DeMaurice Smith also has been on the offensive lately too.  He recently said on ESPN Radio about the on-going CBA negotiations, “As you guys know, we haven’t been shy about being aggressive in protecting players’ rights. If we have to be aggressive to enforce the rules of the Collective Bargaining Agreement, you can bet that we will.”

FIGURE IT OUT GUYS as NFL fans don’t want to see a season lost, because a bunch of Billionaires and Millionaires cannot agree.

 BTW:  Anyone worried about seeing NFL replacement games, like during the 1987 NFL Players’ Strike, you don’t have worry as the current CBA does not allow the owners to play “Scab” games.

Other 2010 NFL Pre-Training Camp Top Stories

  • New York Jets winning the NFL offseason and can they reach the Super Bowl heights many are predicting for them
  • Position Battles (Carolina Panthers QBs, Philadelphia Eagles Safeties, Dallas Cowboys WR’s, NY Giants DE’s, Tampa Bay Buccaneers WRs, Arizona Cardinals QBs, Buffalo Bills QBs, etc)
  • T.O, Flozell Adams and other free agents still looking for jobs
  • Coaches on the hot seat trying to stay alive (Panthers John Fox, Texans Gary Kubiak, Jaguars Jack DelRio, Bears Lovie Smith, Broncos Josh McDaniels, and Browns Eric Mangini)
  • QB Donovan McNabb changing teams inside the NFC East
  • Brett Favre’s “Possible” Retirement / Return
  • Slow rate of rookie first rounder signings
  • Future Hall of Famers Peyton Manning and Tom Brady getting new deals or not
  • The Baltimore Ravens, Atlanta Falcons, and San Francisco 49ers being popular picks as NFL’s surprise team of 2010

 

 

 

Lloyd Vance is a Sr. NFL Writer for Taking It to the House and Sports Journey Network , who is also an award-winning member of the Pro Football Writers of America (PFWA)

NFL CBA-related Q & A

 
 

NFLPA head DeMaurice Smith (pictured) and NFL Commissioner Roger Goodell will soon be at the negotiating table to discuss the NFL’s soon to be expiring CBA

With the 2009 NFL Playoffs moving to the Conference Championship Round this weekend, everyone associated with the league including fans are starting to wonder about the impending Collective Bargaining Agreement (CBA) labor negotiations.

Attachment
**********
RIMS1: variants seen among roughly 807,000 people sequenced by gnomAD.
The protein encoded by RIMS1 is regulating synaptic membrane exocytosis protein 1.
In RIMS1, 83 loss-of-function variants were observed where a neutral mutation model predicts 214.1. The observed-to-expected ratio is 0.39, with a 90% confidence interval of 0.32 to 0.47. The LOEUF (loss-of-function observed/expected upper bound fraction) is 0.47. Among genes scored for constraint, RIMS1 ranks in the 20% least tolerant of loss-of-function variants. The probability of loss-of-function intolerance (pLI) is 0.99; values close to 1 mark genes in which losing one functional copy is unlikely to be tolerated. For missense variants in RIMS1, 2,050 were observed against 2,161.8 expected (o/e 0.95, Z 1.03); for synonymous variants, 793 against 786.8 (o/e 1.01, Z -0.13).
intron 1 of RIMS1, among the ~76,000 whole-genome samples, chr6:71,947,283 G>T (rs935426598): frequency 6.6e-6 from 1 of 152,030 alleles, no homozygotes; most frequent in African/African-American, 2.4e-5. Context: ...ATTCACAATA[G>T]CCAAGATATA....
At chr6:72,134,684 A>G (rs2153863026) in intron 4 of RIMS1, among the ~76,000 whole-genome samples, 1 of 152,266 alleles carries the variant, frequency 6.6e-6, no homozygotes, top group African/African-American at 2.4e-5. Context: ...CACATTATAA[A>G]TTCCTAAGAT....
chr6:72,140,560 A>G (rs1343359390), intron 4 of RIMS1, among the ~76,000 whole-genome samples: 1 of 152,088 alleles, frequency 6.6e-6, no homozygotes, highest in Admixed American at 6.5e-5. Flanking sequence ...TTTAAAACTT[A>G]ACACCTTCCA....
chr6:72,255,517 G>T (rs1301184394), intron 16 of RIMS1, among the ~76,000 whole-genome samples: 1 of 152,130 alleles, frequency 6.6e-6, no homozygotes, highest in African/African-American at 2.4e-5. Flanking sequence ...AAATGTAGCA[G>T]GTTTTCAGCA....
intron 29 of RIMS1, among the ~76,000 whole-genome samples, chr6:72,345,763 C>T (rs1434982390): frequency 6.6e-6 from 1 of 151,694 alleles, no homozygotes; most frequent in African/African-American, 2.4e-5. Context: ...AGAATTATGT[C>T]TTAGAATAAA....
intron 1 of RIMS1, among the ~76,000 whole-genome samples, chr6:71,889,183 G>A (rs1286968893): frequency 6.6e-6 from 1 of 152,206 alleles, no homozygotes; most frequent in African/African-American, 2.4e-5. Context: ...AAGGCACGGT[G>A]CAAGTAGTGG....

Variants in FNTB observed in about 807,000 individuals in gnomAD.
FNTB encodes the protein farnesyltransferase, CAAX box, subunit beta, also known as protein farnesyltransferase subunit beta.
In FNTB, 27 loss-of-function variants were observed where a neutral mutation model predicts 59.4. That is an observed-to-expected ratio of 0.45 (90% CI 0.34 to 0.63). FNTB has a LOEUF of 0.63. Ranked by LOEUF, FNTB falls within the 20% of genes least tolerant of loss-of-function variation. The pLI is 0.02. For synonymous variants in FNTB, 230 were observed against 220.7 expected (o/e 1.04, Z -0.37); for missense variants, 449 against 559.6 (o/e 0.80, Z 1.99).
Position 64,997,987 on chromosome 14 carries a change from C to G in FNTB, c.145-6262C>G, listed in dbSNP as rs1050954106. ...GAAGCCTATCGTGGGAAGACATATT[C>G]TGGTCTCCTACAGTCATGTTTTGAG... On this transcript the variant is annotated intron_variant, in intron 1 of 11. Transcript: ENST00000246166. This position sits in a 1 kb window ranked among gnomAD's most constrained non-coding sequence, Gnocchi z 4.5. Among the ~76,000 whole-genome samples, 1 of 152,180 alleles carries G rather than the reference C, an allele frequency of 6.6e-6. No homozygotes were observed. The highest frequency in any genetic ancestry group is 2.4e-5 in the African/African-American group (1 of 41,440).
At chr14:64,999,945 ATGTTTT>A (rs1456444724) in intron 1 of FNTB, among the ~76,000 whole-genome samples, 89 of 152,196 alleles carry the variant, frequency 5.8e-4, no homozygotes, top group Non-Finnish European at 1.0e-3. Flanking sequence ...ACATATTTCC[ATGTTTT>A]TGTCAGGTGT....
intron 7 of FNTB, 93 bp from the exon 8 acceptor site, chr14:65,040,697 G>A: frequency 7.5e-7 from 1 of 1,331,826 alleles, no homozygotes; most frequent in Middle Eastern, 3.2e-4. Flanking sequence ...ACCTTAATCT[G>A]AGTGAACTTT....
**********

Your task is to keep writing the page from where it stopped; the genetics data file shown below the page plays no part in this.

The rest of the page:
NFL Free Agency is scheduled to start on March 5th, but before that the NFL and the NFLPA must see if they can work out an extension of the current deal CBA —  set to expire in March 2011.  If no CBA extension or new deal is worked out, there is the likely scenario of an uncapped year in 2010 and an owner imposed “lock-out” in 2011 (i.e. No Football that season). 

We will have to see if NFL Commissioner Roger Goodell and his counterpart, NFLPA head DeMaurice Smith, can come to the table and sort this mess out by March 2010.  But from what the people I have talked to have said is that the world’s greatest sports league has a very high chance of having it’s first labor unrest since the very ugly 1987 Strike season.

In an attempt to bring NFL fans and everyone else up to speed regarding the multifaceted Collective Bargaining Agreement, the league this week released the following Q&A data:

Q. When does the CBA expire should there be no extension to the agreement?

A. In March of 2011.

Q. Will there be a college draft in 2011?

A. Yes.

Q. What is the “Final League Year” in the current agreement?

A. The “Final League Year” is the term used in the CBA to refer to the last year of the agreement. Without a further extension of the CBA, the “Final League Year” would be the 2010 League Year, which begins on March 5.

Q. What are the differences between the “Final League Year” and any other “League Year?”

A. The principal differences are that in the “Final League Year” there is no salary cap and there are substantial additional restrictions on player free agency and reductions in player benefits.

Q. Are current player benefits affected in the Final League Year?

A. We expect current player benefits to decline in the Final League Year. The union agreed that in the Final League Year, clubs would be relieved of their obligation to fund numerous benefit programs. Examples include second career savings (401K), player annuity, severance pay and performance-based pay. The total league-wide contributions to such plans in 2009, the last capped year, were in excess of $325 million or more than $10 million per club.

Q. Are retired player benefits affected in the Final League Year?

A. Commissioner Goodell has stated in a letter to the NFL Alumni Association Board of Directors that there will be no reduction in pension or disability payments to retired players during the Final League Year (2010). Since at least the fall of 2007, NFL owners have consistently agreed and planned that they will not reduce the funding for pension or disability benefits for retired players. Nor will they reduce funding for the 88 Plan during the Final League Year.

Q. What determines an unrestricted free agent in the Final League Year (2010)?

A. In capped seasons, a player whose contract has expired becomes an unrestricted free agent if he has four or more accrued seasons. In the Final League Year (2010), a player whose contract has expired becomes an unrestricted free agent only if he has six or more accrued seasons. An unrestricted free agent is free to sign with any club with no compensation owed to his old club.